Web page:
1. Language acquisition is a life-long process connected to intellectual, emotional, and social growth.

2. Language learning requires decision-making and reflects upon one’s knowledge of language usage.

3. Language learning communities are local, regional, national, and international. All spheres of language interaction are interrelated.

4. Language learning in the mother-tongue maintains cultural identity.

5. Language proficiency in one language transfers to learning other languages and other content.

6. Language usage allows students to communicate learning for personal, public, and academic reasons.

7. Language usage produces intended and unintended messages.

8. Language learning is both natural and unnatural, but language acquisition, in general, is progressive.

9. Language is a social construct and is a foundation for all learning

10. Language learning fosters equity and builds community.

IB Research

IB Research 

DP Studies 

  • Diploma Programme students's enrollment and outcomes at US postsecondary institutions (2015)
  • An analysis of the development of positive academic mindsets in diverse International Baccalaureate  World Schools (2017)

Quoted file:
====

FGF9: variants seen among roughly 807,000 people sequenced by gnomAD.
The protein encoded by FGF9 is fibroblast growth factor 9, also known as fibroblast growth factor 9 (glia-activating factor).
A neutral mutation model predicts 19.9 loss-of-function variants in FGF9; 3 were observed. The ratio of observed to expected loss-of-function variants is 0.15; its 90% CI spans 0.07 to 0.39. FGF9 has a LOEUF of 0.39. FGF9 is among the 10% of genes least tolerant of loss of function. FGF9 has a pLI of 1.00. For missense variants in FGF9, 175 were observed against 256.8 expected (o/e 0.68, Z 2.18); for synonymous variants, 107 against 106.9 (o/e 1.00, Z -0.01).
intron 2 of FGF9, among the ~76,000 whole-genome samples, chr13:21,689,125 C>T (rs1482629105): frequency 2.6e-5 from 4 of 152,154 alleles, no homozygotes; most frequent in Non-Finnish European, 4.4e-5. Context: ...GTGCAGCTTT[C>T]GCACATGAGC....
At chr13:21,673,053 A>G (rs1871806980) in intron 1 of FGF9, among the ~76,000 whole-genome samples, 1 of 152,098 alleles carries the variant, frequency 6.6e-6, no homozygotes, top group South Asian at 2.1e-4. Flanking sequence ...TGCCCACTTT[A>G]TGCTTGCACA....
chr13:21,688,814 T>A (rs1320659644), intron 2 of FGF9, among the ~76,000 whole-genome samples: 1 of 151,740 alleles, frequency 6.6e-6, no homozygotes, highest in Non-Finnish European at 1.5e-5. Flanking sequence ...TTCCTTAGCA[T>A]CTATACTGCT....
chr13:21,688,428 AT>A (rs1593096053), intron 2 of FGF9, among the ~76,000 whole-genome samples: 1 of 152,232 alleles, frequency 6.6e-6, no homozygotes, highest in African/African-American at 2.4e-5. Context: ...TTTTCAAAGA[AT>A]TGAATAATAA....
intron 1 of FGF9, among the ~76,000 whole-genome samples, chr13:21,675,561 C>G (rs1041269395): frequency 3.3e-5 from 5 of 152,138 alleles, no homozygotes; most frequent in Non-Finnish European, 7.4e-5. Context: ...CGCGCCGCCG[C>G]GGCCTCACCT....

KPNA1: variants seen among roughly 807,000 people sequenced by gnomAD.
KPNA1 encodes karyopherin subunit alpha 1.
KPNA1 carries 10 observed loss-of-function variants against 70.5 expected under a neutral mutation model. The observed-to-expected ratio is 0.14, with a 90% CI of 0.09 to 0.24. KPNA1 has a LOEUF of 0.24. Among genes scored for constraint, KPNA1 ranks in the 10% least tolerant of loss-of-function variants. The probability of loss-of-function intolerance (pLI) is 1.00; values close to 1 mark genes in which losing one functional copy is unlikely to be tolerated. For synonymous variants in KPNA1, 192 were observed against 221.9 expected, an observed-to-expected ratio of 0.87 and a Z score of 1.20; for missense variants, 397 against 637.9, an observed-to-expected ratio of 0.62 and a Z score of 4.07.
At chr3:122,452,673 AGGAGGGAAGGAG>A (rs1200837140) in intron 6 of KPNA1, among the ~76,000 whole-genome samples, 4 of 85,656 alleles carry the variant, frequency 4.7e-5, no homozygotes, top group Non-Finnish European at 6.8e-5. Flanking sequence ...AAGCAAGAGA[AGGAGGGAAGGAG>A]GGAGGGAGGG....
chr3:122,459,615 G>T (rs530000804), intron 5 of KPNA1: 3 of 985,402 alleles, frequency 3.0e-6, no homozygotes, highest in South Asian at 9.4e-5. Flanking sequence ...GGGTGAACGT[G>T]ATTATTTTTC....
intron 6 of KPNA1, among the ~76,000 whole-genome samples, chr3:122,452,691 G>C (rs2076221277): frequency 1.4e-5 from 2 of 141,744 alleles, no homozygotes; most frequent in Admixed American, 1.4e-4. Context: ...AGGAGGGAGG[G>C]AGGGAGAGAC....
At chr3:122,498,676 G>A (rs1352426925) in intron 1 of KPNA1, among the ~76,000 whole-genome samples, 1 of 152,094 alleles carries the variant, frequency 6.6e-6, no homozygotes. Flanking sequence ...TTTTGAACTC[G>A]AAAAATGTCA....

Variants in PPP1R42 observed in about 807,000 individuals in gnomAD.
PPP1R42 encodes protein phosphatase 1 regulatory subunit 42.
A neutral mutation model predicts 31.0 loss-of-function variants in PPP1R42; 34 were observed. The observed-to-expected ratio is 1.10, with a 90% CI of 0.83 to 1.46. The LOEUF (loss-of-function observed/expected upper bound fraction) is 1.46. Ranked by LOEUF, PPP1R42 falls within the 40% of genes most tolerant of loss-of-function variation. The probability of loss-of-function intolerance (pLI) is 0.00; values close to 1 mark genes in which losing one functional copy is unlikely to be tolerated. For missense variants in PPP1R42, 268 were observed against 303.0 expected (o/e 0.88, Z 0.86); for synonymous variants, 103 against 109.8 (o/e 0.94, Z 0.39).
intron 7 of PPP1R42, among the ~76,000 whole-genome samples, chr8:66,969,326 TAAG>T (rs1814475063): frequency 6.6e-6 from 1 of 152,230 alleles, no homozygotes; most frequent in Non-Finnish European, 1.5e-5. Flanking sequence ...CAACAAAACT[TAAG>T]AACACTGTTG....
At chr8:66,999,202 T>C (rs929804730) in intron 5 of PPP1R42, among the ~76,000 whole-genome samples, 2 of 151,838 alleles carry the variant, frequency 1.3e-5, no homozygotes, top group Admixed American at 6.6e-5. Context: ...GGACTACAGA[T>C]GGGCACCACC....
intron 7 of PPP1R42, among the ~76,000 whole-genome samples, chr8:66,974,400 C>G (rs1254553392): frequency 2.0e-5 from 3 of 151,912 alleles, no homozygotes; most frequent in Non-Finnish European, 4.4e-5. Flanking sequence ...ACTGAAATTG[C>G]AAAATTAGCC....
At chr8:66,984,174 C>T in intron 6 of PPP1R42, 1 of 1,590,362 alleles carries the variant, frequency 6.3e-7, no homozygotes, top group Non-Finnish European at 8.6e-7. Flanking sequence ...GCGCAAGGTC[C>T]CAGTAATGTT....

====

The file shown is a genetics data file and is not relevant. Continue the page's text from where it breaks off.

• A study of "reflectin" in the International Baccalaureate Diploma Programme (2016)
  • Establishing a STEM pipeline: Trends in male and female enrollment and performance in higher level secondary STEM courses (2015)
  • Case studies of learner profile implementation and impact in the United States (2014)
  • Postsecondary education attainment of IB Diploma Programme candidates from US high schools (2013)
  • Student perceptions of the value of the International Baccalaureate extended essay in preparing them for university studies (2013)
  • RESEARCH SUMMARY

IB - CREATIVITY, ACTIVITY, SERVICE PROGRAM DOCUMENTS

For more information on the CAS Student Handbook please see Mr. Capuano in room 250
CAS-RF Reflection Form   
CAS-OL Organization List